Our challenge was also different and difficult because we were going up one side of the mountain and down the other. Most groups can cache gear as they go, knowing that it will be there when they return down the same route they climbed (the average climb of Denali takes 17 days). We had to carry everything over the high pass between the summits at 18,200’ (“Denali Pass”). To facilitate carrying such weight, we used common plastic sleds and put half the weight in the sleds. Most of the lower climbing is a “snow slog” where the major challenge is avoiding crevasses on the glaciers and icefalls. Indeed, our biggest issues down low were overheating and sunburn. (Sure, we used sun creams, hats, and other common means to protect ourselves, but one forgets that wiping your nose will rub off the cream and the sun reflecting off the snow will burn the underside of your nose).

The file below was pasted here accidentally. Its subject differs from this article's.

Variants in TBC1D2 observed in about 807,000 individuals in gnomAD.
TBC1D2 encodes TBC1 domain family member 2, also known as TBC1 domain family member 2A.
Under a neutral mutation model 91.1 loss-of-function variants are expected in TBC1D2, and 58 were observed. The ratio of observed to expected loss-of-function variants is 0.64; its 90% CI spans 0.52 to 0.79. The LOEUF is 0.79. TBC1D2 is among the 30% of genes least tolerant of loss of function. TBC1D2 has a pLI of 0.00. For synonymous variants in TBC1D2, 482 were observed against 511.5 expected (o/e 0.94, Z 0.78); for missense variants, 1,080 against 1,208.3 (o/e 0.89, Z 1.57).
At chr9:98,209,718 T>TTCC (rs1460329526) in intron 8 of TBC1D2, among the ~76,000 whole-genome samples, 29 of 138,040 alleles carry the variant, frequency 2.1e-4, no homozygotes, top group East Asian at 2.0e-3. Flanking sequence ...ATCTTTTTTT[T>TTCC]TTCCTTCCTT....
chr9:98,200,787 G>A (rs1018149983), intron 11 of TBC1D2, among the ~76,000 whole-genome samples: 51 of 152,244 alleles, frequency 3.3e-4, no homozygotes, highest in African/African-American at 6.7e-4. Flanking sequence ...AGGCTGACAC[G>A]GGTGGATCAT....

The climb of the lower mountain was relatively uneventful. It took us seven strenuous days (and two rest days) to travel the eight miles and climb the 9,000 feet to the “Basin Camp” at 14,228’. (When you’re carrying 100+ pounds, you count every vertical foot). In this relatively level, safe, and convenient place, climbers pause for a couple of days to allow their bodies to acclimate to the elevation and the “lack of oxygen”. (Actually, the percentage of oxygen in the air doesn’t change, the pressure differential limits one’s ability to get oxygen out of the air). Our arrival at “base camp” was highlighted by meeting Cricket.

We heard her long before we met her. As we were pitching tents, building snow walls, melting snow, and doing the daily routine of setting up camp, we heard a distant voice that was obviously upset and female. On the face of the West Buttress (2,000’ above us and almost a mile away) we could see a party of eight slowly descending. It was a guided party and their guide wasn’t pleased by their progress or their skills. Even at that distance, we could pick out words and most of them were harsh and vulgar. For over two hours, we laughed and snickered at the entertainment while we felt somewhat sorry for the poor guys who were the subject of the verbal abuse.